Germany’s unusual cures
The nation that coined the word ‘wellness’, has a lot more to offer than just naked saunas.
Schroth. Being woken at 4am and wrapped in hot towels may not sound ideal, but the whole idea of Schroth is to stimulate the body’s natural immunities with a series of nudges, in diet, in routine, in exercise. There will be therapeutic fasting, and strict drinking rules, but you don’t necessarily have to go without your glass of wine! The whole body-wrap thing derives from an early practice of trying to correct scoliosis, curvature of the spine. The alpine resort of Oberstaufen in the Allgau is officially recognised as the Schrothkur centre.
Kneipp. The 19th century Dominican priest Sebastian Kneipp is described as the ‘father of hydrotherapy’, after curing himself of tuberculosis by jumping into the icy Danube, then climbing out and running home as fast as he could. After doing this a few times a week, his health returned. The modern therapy is based on the same principles of physical exertion to warm the body; a very short, very cold dip and immediate physical exertion, while the skin is still wet, until the body is rewarmed. The Danube’s role has been usurped by hot and cold showers, rinses, baths, and compresses. Bad Schandau near Dresden is a centre of Kneipp therapy.
Felke. Another 19th century priest, the pastor Emanuel Felke, devised his own treatment involving the earth (or clay) from the Moselle region in order to treat joint pain, obesity and high blood pressure. Felke originally made his patients take cold baths and sleep on clay floors or straw sacks in open cabins, but these days the emphasis is more on the application of ‘curative loam’ (posh word for earth) either in compresses or by the bathful. The Felke cure is offered in the resort of Bad Sobernheim in Rhineland-Palatinate, southwest of Wiesbaden, which also has Germany’s first barefoot trail, so your toes get some good earth too.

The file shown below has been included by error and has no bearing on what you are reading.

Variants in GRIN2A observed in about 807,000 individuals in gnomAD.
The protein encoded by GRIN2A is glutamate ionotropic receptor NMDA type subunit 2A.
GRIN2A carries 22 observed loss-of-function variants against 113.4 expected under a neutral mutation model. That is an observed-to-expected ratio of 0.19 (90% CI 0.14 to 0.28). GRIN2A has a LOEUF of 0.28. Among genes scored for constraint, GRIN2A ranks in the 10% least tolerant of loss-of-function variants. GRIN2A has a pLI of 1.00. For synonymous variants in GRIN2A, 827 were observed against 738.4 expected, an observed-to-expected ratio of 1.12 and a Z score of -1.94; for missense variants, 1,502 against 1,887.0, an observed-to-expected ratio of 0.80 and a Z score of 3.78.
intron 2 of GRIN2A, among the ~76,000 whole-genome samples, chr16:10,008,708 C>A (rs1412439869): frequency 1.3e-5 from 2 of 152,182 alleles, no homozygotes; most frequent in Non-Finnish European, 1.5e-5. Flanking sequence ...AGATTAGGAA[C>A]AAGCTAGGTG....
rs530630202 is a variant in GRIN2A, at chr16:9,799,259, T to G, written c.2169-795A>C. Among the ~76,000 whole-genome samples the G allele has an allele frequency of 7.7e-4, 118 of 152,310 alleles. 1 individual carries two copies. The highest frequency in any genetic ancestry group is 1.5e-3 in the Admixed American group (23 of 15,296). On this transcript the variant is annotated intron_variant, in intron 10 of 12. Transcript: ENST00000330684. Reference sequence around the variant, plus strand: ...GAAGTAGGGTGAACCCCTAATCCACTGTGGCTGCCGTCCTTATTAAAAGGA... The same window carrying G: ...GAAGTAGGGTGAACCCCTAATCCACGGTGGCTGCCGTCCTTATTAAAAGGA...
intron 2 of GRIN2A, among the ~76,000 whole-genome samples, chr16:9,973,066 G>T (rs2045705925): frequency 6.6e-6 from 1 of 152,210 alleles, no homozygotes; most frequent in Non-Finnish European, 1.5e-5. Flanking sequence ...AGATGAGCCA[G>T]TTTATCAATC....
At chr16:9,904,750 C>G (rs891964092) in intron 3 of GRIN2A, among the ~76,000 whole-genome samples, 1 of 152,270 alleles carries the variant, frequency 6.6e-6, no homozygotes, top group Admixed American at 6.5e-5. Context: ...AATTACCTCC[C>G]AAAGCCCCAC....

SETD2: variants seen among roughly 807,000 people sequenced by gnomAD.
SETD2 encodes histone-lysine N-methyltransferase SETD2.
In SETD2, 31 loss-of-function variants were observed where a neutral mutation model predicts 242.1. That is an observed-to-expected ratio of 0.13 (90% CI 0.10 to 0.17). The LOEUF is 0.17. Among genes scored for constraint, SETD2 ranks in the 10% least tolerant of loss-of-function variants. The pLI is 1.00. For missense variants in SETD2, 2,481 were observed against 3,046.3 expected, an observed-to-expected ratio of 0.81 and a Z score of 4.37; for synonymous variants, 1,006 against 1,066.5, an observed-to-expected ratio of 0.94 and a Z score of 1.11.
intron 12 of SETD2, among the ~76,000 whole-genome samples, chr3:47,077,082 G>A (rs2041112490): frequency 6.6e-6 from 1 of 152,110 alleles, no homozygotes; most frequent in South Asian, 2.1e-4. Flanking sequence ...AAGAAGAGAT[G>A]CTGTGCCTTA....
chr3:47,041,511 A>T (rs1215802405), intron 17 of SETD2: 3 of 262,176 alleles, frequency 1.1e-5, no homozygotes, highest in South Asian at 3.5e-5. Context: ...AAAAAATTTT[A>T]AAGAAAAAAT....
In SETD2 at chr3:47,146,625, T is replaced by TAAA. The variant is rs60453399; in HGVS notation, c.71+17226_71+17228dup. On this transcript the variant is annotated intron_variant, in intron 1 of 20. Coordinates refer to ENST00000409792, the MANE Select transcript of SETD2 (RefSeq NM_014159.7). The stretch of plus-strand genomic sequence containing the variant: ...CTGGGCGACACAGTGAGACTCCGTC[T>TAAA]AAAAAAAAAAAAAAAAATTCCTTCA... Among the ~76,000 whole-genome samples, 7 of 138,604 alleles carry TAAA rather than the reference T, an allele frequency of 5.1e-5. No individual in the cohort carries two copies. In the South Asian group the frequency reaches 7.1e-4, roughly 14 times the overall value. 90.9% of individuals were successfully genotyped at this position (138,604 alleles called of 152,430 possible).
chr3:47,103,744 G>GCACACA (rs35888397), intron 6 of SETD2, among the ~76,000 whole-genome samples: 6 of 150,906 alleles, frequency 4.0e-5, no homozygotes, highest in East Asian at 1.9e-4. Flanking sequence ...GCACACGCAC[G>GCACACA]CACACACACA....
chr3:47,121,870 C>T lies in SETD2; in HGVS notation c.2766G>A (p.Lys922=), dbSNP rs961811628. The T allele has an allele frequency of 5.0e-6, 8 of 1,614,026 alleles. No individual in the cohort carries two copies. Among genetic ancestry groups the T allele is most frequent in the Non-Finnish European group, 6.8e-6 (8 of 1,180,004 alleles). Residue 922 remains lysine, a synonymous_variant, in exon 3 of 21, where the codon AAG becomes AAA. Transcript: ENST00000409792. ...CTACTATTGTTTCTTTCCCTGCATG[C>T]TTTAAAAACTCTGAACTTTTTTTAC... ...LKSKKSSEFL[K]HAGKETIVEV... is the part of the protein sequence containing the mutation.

Radon gas. Radiation and therapy are not ideas that are often associated, but there is a school of thought that believes that low volumes of radon gas, naturally-occurring product of the radioactive decay of uranium, is actually good for certain conditions, particularly arthritis and to various respiratory problems. Mostly this is administered by sitting in a radon tunnel or even a mine, and being exposed to low doses. There are radon spas at Sibyllenbad, on the border with the Czech Republic east of Bayreuth, at Schlema, also near the Czech border south-east of Zwickau, and with a radon tunnel at Bad Kreuznach, south-west of Wiesbaden.
Hay. A roll in the hay may suggest anything from soft-porn movies of the 1970s through to an attack of allergic sneezing, but in the Allgäu region of Bavaria (particularly the resort of Obertsdorf) hay baths (cut from organically-tended alpine meadows, natch) supposedly release essential oils, stimulate the blood circulation and improve skin texture.
Whey. Hay bath, whey bath, wha-hey bath. Yes, you can even bathe in this cheese-making byproduct, also in the Allgäu, if you really want to. Supposedly good for the skin, too.
Beer. Now surely you’re taking the piss? No? Another one that’s good for the skin, apparently. The original is supposedly the Kummerower Hof in Neuzelle, on the border with Poland east of Berlin.
Naked walking. OK, so it’s not really a therapy, but the proponents of a newly-launched 18km naked hiking trail between the towns of Dankerode and Wippertalsperre in the Harz Mountains, certainly believe that textile-free ambulation has its holistic benefits. Possibly not to the eye of the beholder, of course.